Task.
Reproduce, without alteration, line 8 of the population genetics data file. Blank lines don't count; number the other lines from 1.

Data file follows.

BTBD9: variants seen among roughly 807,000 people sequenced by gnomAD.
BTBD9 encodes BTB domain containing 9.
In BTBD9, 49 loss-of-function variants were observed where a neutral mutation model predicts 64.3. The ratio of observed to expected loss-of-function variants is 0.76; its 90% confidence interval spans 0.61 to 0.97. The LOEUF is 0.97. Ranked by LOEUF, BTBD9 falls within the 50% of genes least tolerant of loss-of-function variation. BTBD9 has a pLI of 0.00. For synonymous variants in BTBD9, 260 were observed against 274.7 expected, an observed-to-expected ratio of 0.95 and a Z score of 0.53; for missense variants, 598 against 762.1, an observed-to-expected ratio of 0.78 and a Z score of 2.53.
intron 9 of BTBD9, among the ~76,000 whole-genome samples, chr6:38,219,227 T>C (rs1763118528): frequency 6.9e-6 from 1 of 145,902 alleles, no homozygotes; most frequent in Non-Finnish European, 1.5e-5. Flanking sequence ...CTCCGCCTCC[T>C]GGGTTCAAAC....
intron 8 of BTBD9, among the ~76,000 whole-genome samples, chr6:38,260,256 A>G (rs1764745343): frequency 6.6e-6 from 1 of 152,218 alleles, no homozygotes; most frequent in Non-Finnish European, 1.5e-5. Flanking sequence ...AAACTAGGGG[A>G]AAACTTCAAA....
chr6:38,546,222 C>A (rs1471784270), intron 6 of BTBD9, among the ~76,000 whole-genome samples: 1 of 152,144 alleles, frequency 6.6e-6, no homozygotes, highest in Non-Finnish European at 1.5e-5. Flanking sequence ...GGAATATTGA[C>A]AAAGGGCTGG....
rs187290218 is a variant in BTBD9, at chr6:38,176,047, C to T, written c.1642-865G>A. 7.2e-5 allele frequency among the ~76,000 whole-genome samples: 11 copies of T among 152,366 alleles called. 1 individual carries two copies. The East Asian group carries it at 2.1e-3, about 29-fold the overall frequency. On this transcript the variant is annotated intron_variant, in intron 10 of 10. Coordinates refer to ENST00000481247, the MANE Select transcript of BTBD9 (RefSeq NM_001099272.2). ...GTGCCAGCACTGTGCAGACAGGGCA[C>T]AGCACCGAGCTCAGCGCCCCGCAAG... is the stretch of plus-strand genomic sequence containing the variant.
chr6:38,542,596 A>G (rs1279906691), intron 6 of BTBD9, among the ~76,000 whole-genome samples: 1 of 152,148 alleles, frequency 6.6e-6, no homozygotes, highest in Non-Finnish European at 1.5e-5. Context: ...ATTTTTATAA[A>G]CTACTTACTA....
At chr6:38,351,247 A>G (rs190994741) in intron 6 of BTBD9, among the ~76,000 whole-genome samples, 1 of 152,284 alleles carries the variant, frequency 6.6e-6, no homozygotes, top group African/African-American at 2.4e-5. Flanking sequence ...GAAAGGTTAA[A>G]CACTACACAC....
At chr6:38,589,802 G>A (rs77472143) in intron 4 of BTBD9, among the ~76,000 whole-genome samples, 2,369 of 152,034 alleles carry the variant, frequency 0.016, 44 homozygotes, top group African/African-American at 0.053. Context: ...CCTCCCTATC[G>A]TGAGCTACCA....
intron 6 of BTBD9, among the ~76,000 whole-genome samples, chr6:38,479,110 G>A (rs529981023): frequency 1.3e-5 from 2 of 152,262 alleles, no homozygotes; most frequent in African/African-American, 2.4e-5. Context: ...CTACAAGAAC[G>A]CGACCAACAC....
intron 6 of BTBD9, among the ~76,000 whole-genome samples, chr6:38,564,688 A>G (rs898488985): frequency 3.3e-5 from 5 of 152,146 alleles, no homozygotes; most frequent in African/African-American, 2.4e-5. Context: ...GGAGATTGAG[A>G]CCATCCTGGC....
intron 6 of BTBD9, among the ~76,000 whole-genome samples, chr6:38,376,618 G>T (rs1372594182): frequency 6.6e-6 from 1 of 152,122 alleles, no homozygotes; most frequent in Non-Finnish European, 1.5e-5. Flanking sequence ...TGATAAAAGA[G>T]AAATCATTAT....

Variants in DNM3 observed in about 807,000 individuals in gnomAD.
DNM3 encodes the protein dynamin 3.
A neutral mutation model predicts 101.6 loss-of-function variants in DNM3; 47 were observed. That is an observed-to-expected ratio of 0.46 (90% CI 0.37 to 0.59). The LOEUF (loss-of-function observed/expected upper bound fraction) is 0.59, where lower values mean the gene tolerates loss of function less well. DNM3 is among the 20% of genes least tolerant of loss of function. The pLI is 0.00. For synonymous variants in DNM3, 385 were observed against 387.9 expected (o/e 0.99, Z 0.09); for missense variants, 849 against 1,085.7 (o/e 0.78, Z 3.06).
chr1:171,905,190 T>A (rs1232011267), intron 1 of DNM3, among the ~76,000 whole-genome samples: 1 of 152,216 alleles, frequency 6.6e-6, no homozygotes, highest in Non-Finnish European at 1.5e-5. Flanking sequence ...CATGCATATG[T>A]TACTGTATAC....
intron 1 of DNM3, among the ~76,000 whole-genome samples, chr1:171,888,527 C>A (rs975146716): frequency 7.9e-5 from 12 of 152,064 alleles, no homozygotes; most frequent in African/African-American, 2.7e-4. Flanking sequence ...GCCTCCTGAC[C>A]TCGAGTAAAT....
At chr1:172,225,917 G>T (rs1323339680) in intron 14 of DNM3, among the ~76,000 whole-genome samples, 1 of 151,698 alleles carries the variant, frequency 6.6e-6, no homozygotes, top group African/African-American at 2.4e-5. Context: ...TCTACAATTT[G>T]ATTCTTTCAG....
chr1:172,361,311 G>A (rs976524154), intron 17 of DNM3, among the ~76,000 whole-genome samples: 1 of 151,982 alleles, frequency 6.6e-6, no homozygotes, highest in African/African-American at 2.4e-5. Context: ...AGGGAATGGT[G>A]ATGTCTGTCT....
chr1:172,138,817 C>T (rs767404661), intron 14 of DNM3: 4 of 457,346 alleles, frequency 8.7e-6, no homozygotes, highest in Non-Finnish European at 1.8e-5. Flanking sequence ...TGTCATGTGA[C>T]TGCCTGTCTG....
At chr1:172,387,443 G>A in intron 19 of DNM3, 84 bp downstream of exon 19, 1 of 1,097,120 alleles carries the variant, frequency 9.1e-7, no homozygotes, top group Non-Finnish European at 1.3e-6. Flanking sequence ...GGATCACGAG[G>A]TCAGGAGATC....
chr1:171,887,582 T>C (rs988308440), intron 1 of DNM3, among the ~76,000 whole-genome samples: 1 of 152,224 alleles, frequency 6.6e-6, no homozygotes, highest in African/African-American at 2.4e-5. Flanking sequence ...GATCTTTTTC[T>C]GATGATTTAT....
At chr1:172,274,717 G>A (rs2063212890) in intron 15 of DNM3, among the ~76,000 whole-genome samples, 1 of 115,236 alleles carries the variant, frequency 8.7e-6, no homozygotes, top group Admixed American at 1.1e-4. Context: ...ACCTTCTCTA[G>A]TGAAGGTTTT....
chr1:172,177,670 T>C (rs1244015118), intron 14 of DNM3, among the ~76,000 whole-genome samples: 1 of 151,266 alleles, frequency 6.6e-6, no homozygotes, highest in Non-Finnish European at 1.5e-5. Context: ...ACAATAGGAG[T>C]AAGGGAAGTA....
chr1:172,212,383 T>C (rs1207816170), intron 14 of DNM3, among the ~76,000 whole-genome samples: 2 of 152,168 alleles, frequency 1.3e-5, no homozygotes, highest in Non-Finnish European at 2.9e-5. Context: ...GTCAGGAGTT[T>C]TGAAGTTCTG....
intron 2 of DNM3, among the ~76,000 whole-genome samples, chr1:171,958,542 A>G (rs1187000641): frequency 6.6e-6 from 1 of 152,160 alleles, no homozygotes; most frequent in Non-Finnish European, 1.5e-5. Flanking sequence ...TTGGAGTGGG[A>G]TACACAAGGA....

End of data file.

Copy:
chr6:38,542,596 A>G (rs1279906691), intron 6 of BTBD9, among the ~76,000 whole-genome samples: 1 of 152,148 alleles, frequency 6.6e-6, no homozygotes, highest in Non-Finnish European at 1.5e-5. Context: ...ATTTTTATAA[A>G]CTACTTACTA....